WVSOM promotes opioid toolkit amidst National Prevention Week

National Prevention Week is an annual health observance dedicated to increasing public awareness of mental and/or substance use disorders.

The observance, taking place May 13 to 19, is hosted by the Substance Abuse and Mental Health Services Administration (SAMHSA), a federal funding agency for substance abuse. Throughout the week, communities and organizations across the country try to raise awareness about the importance of substance use prevention and positive mental health, according to SAMHSA.

The West Virginia School of Osteopathic Medicine’s (WVSOM) Center for Rural and Community Health (CRCH) has maintained a close relationship with SAMHSA in the past year. WVSOM’s CRCH helps serve the needs of West Virginians in conjunction with assisting and working with community-based organizations. The CRCH is a resource center designed to help improve the health and well-being of West Virginians. The two organizations worked closely through the creation and development of an opioid toolkit, designed to bring awareness to the rising epidemic in the state and offer resources for those trying to recover.

After months of discussion to create a useful resource, the “Prescription Opioid and Heroin Awareness Toolkit” came to be, in collaboration with the Community Addressing Prescription Drug Epidemic (CARxE) Coalition, according to Haylee Heinsberg, a CRCH health education coordinator who helped oversee the creation of the toolkit.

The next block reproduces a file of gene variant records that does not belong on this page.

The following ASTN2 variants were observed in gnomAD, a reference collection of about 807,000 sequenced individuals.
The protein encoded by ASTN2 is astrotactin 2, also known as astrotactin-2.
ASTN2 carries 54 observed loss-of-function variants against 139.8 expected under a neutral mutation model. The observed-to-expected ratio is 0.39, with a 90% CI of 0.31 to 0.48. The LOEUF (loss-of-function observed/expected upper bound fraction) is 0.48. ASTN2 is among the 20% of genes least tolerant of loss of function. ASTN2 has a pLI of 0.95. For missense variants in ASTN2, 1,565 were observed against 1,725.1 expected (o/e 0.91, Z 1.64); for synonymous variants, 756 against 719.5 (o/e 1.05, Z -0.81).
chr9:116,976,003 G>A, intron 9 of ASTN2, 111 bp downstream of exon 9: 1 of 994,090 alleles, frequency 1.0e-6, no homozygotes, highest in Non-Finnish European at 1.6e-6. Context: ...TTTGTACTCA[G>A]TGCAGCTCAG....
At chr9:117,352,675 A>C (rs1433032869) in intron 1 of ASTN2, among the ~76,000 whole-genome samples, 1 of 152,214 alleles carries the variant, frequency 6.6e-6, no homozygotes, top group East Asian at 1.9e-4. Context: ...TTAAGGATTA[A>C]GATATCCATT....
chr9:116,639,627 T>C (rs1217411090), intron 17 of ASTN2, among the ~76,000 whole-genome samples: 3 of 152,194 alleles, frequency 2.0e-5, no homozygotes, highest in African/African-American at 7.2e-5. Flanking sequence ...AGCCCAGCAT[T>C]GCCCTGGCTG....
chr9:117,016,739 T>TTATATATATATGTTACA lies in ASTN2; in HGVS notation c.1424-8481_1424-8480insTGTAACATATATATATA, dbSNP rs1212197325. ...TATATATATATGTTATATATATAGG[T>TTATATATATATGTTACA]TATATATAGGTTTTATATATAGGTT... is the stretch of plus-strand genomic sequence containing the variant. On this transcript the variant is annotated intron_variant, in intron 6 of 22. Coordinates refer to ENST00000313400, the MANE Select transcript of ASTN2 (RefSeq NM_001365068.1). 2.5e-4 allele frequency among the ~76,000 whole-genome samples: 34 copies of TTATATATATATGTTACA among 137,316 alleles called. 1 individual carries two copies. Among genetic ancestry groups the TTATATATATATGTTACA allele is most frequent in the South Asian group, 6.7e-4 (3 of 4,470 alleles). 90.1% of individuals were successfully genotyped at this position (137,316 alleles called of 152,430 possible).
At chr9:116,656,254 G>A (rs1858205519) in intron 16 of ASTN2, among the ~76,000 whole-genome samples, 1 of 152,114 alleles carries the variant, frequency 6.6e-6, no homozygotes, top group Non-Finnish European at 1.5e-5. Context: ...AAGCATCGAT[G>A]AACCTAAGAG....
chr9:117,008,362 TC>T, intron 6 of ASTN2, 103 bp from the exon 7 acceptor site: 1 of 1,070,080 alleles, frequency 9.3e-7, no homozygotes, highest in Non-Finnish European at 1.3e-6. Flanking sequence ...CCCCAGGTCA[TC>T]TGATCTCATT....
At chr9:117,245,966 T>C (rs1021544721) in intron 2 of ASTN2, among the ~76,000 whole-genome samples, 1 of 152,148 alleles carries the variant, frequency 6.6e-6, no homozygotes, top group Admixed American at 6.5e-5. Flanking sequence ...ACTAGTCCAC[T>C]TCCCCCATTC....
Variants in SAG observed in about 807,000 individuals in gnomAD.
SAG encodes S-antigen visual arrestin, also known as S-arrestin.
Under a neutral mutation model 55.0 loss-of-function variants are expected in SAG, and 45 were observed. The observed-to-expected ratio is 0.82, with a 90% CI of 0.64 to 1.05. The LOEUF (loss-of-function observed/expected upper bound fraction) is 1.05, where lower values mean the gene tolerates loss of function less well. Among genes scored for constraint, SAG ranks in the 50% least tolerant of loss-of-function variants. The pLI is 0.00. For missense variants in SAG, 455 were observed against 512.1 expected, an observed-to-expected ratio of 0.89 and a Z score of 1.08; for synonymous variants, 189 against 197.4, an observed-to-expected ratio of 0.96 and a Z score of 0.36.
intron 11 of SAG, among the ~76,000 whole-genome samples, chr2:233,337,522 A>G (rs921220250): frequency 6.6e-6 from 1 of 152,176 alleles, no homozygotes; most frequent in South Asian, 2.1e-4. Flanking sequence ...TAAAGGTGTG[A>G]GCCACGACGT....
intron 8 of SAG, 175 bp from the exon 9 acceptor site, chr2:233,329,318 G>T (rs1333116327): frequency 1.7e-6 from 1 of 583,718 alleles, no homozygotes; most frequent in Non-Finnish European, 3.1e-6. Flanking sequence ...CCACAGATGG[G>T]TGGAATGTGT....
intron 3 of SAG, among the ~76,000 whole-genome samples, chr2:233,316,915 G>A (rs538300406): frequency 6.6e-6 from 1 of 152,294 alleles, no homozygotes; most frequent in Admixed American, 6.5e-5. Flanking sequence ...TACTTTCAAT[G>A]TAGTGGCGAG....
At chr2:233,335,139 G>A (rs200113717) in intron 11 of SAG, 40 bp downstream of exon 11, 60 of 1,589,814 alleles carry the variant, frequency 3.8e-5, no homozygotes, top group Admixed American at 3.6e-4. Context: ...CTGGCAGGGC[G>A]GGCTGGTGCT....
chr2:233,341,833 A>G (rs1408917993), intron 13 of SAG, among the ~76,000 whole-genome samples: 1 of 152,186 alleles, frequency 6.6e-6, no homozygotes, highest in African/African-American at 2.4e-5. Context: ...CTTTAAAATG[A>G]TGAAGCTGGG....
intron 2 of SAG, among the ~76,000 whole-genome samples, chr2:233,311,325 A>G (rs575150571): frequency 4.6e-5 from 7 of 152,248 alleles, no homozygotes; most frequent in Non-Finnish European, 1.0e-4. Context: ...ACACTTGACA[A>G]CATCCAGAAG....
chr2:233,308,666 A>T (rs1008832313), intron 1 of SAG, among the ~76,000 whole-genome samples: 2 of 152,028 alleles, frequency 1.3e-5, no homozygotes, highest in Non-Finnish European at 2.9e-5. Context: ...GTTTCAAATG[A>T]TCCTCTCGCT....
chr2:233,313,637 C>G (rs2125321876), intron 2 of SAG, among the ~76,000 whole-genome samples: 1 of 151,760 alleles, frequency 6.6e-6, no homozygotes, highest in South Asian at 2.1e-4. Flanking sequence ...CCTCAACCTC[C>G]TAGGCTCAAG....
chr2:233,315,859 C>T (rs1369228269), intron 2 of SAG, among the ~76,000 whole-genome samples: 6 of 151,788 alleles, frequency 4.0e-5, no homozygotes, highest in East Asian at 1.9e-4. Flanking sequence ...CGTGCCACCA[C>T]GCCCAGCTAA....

“We are trying to make people more aware of this disease, community resources and the places to get help and to at least start a conversation about how to improve this epidemic,” Heinsberg said of the resource tool.

The toolkit was presented at the West Virginia Rural Health Conference last fall, and as a result, neighboring counties started expressing an interest in the toolkit. During that time, the Substance Abuse and Mental Health Services Administration also started using it as a model for other areas of the state — hoping to replicate the toolkit in all 55 counties.

This educational effort has now gained national exposure as well. Heinsberg and Drema Mace, Ph.D., the executive director of the CRCH, presented “An Opioid Toolkit: A Rural Community Education Project” at the National Rural Health Association’s annual conference on May 11 in New Orleans, La. The toolkit, along with a provider packet and a series of public service announcements, all come together as one, a synergistic effort for people to see there are others dealing with the same situation, Heinsberg said.

“If our toolkit can be a guide to open conversation of coming together as a community in order to make a positive change — and provide support to a caregiver, loved one and family members, to reinforce that people are trying to get clean and sober — then we can start to make a dent in the problem,” she said. “Ninety-one people a day die from opioids. If there was an easy solution it would’ve been fixed a long time ago.”

Date Added: 
Monday, May 14, 2018